πεϱὶ δὲ φύσιος ϰαὶ ἁϱμονίας ὧδε ἔχει· ἁ μὲν ἐστὼ τῶν πϱαγμάτων ἀίδιος ἔσσα ϰαὶ αὐτὰ μὰν ἁ φύσις ϑείαν τε ϰαὶ οὐϰ ἀνϑϱωπίνην ἐνδέχεται γνῶσιν πλάν γα ἢ ὅτι οὐχ οἷόν τ’ ἦν οὐϑενὶ τῶν ἐόντων ϰαὶ γιγνωσϰομένων ὑφ’ ἁμῶν γα γεγενῆσϑαι μὴ ὑπαϱχούσας τᾶς ἐστοῦς τῶν πϱαγμάτων, ἐξ ὧν συνέστα ὁ ϰόσμος, ϰαὶ τῶν πεϱαινόντων ϰαὶ τῶν ἀπείϱων. ἐπεὶ δὲ ταὶ ἀϱχαὶ ὑπᾶϱχον οὐχ ὁμοῖαι οὐδ’ ὁμόφυλοι ἔσσαι, ἤδη ἀδύνατον ἦς ϰα αὐταῖς ϰοσμηϑῆναι, εἰ μὴ ἁϱμονία ἐπεγένετο ᾡτινιῶν ἂν τϱόπῳ ἐγένετο. τὰ μὲν ὦν ὁμοῖα ϰαὶ ὁμόφυλα ἁϱμονίας οὐδὲν ἐπεδέοντο, τὰ δὲ ἀνόμοια μηδὲ ὁμόφυλα μηδὲ ἰσοταχῆ, ἀνάγϰα τὰ τοιαῦτα ἁϱμονίᾳ συγϰεϰλεῖσϑαι, εἰ μέλλοντι ἐν ϰόσμῳ ϰατέχεσϑαι.
Mit Natur und Harmonie verhält es sich so : das Wesen der Dinge, das ewig ist, und die Natur gar selbst erfordert göttliche und nicht menschliche Einsicht, nur daß ja natürlich nichts von den vor handenen Dingen auch nur von uns erkannt werden könnte, wenn das Wesen der Dinge, aus denen die Weltordnung entstand, sowohl der begrenzten wie der unbegrenzten, nicht zugrunde läge. Da aber diese beiden Prinzipien (1 und 2) als ungleiche und unverwandte zugrunde lagen, so wäre es offenbar unmöglich gewesen mit ihnen eine Welt ordnung zu begründen, wenn nicht die Harmonie dazu gekommen wäre, wie diese auch immer zustande kam. Das Gleiche und Verwandte bedurfte ja doch nimmer der Harmonie, dagegen muß das Ungleiche und Unverwandte und ungleich Geordnete durch eine solche Harmonie zusammengeschlossen werden, durch die sie imstande sind in der Welt ordnung zusammengehalten zu werden. — Diels/Kranz I,pp. 310-311, 6a. a Platone prioribusque Platonicis observata.🞯Marsilio Ficino: Theologia Platonica xvii,1:
In rebus his quæ ad theologiam pertinent, sex olim summi theologi consenserunt: quorum primus fuisse traditur Zoroaster Magorum caput: sedes Mercurius trismegistus, princeps sacerdotum Ægyptiorum. Mercurio successit Orpheus. Orphei sacris initiatus fuit Aglaophemus. Aglaophemo successit in theologia Pythagoras: Pythagoræ Plato, qui uniuersam eorum sapientiam suis literis comprehendit, auxit, illustrauit. Quoniam verò ij omnes sacra diuinorum mysteria, ne prophanis communia fiereat; poëticis vmbraculis obtegebant: factum est vt successores eorum alij aliter theologiam interpretarentur. Hinc turba Platonicorum interpretum in sex Academias se diuisit quarum tres Atticæ fuerunt, reliquæ peregrinæ. Atticarum vetus sub Xenocrate floruit, media sub Archesila, sub Carneade noua, peregrinarum Ægyptia sub Ammonio, Romana sub Plotino, sub Proculo Lycia. Verum cum sex fuerint scholæ Platonicorum; tres illæ Atticæ simul atque Ægyptia, quæcunque de animarum circuitu scripta sunt à Platone, aliter quàm verba sonarent accipiebant: duæ veró sequentes ipsam verborum faciem curiosius obseruarunt. Quo autem modo hæ duæ Platonica exponant mysteria, diligenter recenseamus. Sed quæ hac tempestate, ut preclara alia, posteriorum incuria sic exolevit, ut vix vestigia ipsius ulla reperiantur. Scribit Plato in Epinomide,🞯Platon: Epinomis, Ἐπινομίς 976ε sq. inter omnes liberales artes et scientias contemplatrices præcipuam maximeque divinam esse scientiam numerandi. Querens item, cur homo animal sapientissimum? Respondet: „Quia numerare novit“. Cuius sententiæ et Aristoteles meminit in Problematis.🞯Aristoteles: Problemata, Πϱοβλήματα, xxx,6 (956a): Διὰ τί ἀνϑϱώπῳ πειστέον μᾶλλον ἢ ἄλλῳ ζῴῳ; πότεϱον ὥσπεϱ Πλάτων Νεοϰλεῖ ἀπεϰϱίνατο, ὅτι ἀϱιϑμεῖν μόνον ἐπίσταται τῶν ἄλλων ζῴων;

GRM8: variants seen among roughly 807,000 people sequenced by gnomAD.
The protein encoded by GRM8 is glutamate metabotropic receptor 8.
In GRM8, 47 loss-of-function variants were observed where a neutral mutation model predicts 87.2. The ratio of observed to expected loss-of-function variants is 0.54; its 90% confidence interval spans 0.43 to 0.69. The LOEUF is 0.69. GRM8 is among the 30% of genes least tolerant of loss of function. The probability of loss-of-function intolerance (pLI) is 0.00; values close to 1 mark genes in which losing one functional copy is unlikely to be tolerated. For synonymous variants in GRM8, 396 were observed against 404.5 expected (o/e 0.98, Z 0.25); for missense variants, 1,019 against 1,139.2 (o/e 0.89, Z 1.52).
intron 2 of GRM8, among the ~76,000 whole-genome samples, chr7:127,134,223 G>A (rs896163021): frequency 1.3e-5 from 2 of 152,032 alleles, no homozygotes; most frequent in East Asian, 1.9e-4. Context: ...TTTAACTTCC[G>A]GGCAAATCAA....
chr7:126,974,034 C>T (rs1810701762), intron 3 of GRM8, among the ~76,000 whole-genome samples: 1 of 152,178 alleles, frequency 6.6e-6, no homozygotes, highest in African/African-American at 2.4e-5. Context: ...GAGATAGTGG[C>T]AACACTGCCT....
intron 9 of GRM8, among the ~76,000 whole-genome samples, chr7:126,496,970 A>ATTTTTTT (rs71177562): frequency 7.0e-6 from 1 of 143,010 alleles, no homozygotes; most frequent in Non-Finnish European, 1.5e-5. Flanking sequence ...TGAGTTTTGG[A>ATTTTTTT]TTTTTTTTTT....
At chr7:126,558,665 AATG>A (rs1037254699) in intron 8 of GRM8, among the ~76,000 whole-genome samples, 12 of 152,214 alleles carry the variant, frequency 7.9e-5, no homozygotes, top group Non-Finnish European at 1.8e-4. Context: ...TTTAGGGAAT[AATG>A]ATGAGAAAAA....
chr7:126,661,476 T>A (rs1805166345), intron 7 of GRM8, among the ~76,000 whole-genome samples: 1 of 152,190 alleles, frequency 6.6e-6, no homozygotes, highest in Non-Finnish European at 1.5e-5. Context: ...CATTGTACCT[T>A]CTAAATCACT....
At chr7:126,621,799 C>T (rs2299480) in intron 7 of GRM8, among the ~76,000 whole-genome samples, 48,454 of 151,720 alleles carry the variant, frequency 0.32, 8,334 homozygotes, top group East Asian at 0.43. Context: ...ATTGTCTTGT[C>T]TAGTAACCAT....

Cur homini potius quam cuiquam ex celeris animanlibus credendum est? Utrum, ut Plato Neocli respondit, quia solus inter reliquas animantes novit numerare? Scribit Abumasar🞯Abumasar, Abu Ma’shar al-Balkhi, 787–886, an early Persian Muslim astrologer. verbum fuisse Avenzoar Babilonii, eum omnia nosse qui noverat numerare. Quæ vera esse nullo modo possunt, si per numerandi artem eam artem intellexerunt cuius nunc mercatores in primis sunt peritissimi, quod et Plato testatur,🞯Platon: Politeia, Πολιτεία, VII,525c: ...ἐπὶ λογιστιϰὴν ἰέναι ϰαὶ ἀνϑάπτεσϑαι αὐτῆς μὴ ἰδιωτιϰῶς, ἀλλ᾽ ἕως ἂν ἐπὶ ϑέαν τῆς τῶν ἀϱιϑμῶν φύσεως ἀφίϰωνται τῇ νοήσει αὐτῇ, οὐϰ ὠνῆς οὐδὲ πϱάσεως χάϱιν ὡς ἐμπόϱους ἢ ϰαπήλους μελετῶντας, ἀλλ᾽ ἕνεϰα πολέμου τε ϰαὶ αὐτῆς τῆς ψυχῆς ῥᾳστώνης μεταστϱοφῆς ἀπὸ γενέσεως ἐπ᾽ ἀλήϑειάν τε ϰαὶ οὐσίαν.